Rabies in Idaho: Teach your children to avoid bats

​​This is the time of year the department starts to receive reports about rabid bats, so it’s a good time to talk about rabies with your kids. They are out of school by now and playing outside more, so it’s a great time to teach them to avoid bats and to immediately tell an adult if they do find one.

Why is rabies so scary?

The virus is 100 percent fatal for people and animals who do not get timely medical attention. A couple of people in the United States die each year from a rabies infection, usually because they’ve been bitten or scratched by an animal and didn’t seek medical attention soon enough.

What animals in Idaho carry the rabies virus?

In Idaho, rabies is most often found in bats, but the virus also has been found in other animals. In other states, raccoons, skunks, and foxes are natural carriers of the virus, in addition to bats.

How common is rabies in Idaho?                                                  

We average about 16 rabid bat reports a year in our state. Last year, we had 12. Even though most bats aren’t rabid, you should always avoid them if you can.

What is normal bat behavior?

Bats are generally most active at night. You might see a bat during the day, but that doesn’t mean they are sick. Bats migrate into Idaho every spring, and sometimes they just need to rest along their journey and hang out on the side of a building or a tree. Just leave them alone and they will go on their way when they are ready.

Is there any way to know if a bat has rabies?

In the early stages of the disease you can’t always tell if an animal is sick. Since the only way to know for sure is to kill it and have it tested by a lab, avoiding an exposure is preferred. People usually have encounters with bats when a pet brings one home, or when it gets into the house some other way. If you wake up and find a bat in your room, you may have been exposed to rabies. They have tiny teeth, so it can be difficult to know if you’ve been bitten.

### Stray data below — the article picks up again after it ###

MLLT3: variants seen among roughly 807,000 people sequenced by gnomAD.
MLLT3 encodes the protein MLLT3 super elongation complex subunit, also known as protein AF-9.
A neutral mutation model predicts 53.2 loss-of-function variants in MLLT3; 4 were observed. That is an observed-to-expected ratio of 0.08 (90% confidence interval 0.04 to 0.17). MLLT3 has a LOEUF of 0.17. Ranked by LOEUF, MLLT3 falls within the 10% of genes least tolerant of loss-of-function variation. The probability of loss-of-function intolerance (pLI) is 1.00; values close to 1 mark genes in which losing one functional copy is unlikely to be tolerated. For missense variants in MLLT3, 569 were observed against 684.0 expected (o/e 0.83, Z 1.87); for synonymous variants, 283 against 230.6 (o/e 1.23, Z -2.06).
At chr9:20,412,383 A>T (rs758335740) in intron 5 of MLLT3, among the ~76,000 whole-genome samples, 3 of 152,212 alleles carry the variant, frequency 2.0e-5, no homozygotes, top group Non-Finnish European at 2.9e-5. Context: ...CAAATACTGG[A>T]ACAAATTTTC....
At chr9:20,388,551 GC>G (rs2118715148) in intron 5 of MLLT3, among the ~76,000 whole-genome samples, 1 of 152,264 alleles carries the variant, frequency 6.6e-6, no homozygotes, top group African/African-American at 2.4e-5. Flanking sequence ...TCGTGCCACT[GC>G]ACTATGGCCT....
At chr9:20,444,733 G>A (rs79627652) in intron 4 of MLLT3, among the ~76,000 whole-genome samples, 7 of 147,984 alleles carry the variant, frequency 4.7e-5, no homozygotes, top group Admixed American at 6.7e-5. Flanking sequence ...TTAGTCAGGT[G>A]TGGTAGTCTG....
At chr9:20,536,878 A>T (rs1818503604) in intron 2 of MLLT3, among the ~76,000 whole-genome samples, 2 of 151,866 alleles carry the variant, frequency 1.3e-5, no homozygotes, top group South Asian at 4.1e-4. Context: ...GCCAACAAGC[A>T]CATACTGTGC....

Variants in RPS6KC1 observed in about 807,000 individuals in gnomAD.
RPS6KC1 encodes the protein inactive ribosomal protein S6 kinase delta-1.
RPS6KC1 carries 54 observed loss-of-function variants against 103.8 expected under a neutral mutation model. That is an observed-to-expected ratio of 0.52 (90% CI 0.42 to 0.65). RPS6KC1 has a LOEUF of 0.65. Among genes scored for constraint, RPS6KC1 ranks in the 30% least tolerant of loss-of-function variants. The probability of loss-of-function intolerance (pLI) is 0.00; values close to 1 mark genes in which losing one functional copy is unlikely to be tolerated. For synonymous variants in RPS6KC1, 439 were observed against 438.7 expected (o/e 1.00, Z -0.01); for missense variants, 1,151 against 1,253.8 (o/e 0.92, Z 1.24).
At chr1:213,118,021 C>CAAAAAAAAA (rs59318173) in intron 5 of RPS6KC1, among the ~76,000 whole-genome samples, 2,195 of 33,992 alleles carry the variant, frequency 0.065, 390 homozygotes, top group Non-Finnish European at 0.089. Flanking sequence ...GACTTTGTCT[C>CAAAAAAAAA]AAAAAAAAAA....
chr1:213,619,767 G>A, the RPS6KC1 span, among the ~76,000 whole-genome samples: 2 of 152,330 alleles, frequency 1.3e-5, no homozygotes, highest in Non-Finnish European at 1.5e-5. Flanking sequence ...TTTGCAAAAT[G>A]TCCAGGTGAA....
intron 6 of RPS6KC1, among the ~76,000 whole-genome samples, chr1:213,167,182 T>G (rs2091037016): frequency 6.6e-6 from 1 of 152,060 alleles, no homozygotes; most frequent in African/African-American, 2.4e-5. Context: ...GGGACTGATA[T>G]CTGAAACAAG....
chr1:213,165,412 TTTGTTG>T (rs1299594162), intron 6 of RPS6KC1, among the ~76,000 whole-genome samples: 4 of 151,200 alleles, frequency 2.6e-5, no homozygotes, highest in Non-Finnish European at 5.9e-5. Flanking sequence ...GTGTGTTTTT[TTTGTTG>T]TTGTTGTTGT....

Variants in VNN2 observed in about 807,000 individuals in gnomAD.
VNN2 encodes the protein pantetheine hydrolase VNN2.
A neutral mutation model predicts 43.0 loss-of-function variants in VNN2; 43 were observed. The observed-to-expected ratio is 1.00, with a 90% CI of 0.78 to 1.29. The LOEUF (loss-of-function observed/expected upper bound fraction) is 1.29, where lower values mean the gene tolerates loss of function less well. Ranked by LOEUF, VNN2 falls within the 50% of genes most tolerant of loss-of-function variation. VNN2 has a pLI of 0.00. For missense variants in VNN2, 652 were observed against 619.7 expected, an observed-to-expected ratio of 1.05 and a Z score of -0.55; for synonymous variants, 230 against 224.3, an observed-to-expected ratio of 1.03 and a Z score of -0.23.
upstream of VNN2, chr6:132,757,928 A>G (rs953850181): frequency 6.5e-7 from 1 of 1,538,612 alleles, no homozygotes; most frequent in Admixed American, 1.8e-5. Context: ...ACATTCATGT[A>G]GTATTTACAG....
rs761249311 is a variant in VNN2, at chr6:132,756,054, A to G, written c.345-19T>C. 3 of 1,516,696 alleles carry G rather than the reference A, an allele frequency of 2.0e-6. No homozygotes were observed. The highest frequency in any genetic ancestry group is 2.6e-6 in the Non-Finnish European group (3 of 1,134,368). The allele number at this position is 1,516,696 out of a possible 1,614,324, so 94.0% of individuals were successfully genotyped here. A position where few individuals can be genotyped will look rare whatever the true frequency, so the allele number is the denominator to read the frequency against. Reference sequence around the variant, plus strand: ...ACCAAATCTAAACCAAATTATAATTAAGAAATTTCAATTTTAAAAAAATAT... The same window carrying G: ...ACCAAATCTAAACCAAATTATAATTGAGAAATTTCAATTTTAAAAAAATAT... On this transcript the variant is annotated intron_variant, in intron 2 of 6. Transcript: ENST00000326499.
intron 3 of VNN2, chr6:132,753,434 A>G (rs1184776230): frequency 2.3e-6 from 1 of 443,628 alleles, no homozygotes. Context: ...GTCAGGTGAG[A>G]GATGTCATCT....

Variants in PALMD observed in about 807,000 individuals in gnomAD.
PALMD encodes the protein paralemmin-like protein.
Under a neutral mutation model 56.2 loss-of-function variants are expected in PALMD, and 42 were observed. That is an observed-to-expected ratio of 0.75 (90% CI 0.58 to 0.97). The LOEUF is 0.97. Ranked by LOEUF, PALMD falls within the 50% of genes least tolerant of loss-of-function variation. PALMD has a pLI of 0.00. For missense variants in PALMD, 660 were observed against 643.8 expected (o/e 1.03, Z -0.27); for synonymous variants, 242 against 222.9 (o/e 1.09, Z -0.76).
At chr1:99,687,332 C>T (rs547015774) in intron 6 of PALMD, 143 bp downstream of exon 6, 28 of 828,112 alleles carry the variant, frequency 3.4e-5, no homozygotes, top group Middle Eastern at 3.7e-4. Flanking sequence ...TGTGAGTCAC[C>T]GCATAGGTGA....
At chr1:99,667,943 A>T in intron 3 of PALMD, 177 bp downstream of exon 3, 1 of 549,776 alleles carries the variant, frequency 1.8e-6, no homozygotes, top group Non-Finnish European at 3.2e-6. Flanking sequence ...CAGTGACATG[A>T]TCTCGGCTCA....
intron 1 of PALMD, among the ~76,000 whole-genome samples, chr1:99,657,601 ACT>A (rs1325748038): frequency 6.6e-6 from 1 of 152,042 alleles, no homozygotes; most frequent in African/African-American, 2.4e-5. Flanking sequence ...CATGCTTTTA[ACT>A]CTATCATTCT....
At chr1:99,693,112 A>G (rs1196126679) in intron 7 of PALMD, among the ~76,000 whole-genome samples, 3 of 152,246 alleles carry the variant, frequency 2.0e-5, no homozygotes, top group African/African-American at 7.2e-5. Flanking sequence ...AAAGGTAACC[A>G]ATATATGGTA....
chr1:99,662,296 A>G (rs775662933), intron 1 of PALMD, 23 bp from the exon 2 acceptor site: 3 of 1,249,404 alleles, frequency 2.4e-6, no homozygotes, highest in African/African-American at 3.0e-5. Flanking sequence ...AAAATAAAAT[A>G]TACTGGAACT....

What should you do if a possibly rabid bat or animal bites or scratches you or your pet?

Washing the wound thoroughly right away with soap and water is one of the most effective ways to decrease your chance of infection. Then you should call your doctor to talk about your options. If your pet was exposed, contact your veterinarian. Even if your pet is current with their rabies vaccine, they will need a booster.

How can we protect ourselves and our pets from rabies?

First and foremost, you should never touch a bat with your bare hands. Wear leather gloves if you must touch it. It’s also a good idea to research ways to keep bats out of your home, including maintaining tight-fitting screens on your windows, and contacting your regional office of the Idaho Department of Fish and Game for information about how to keep bats out of attic spaces after they have flown to warmer areas for the winter. We also encourage that pet owners keep their dogs, cats, and horses up to date with their rabies vaccinations. Bats can get into the home, so even strictly indoor pets should be vaccinated against rabies.

(Note: A Closer Look At Your Health airs most Tuesday’s at 6:50 a.m. on KBOI News Radio 670. This is an edited transcript of the one from June 4.) 




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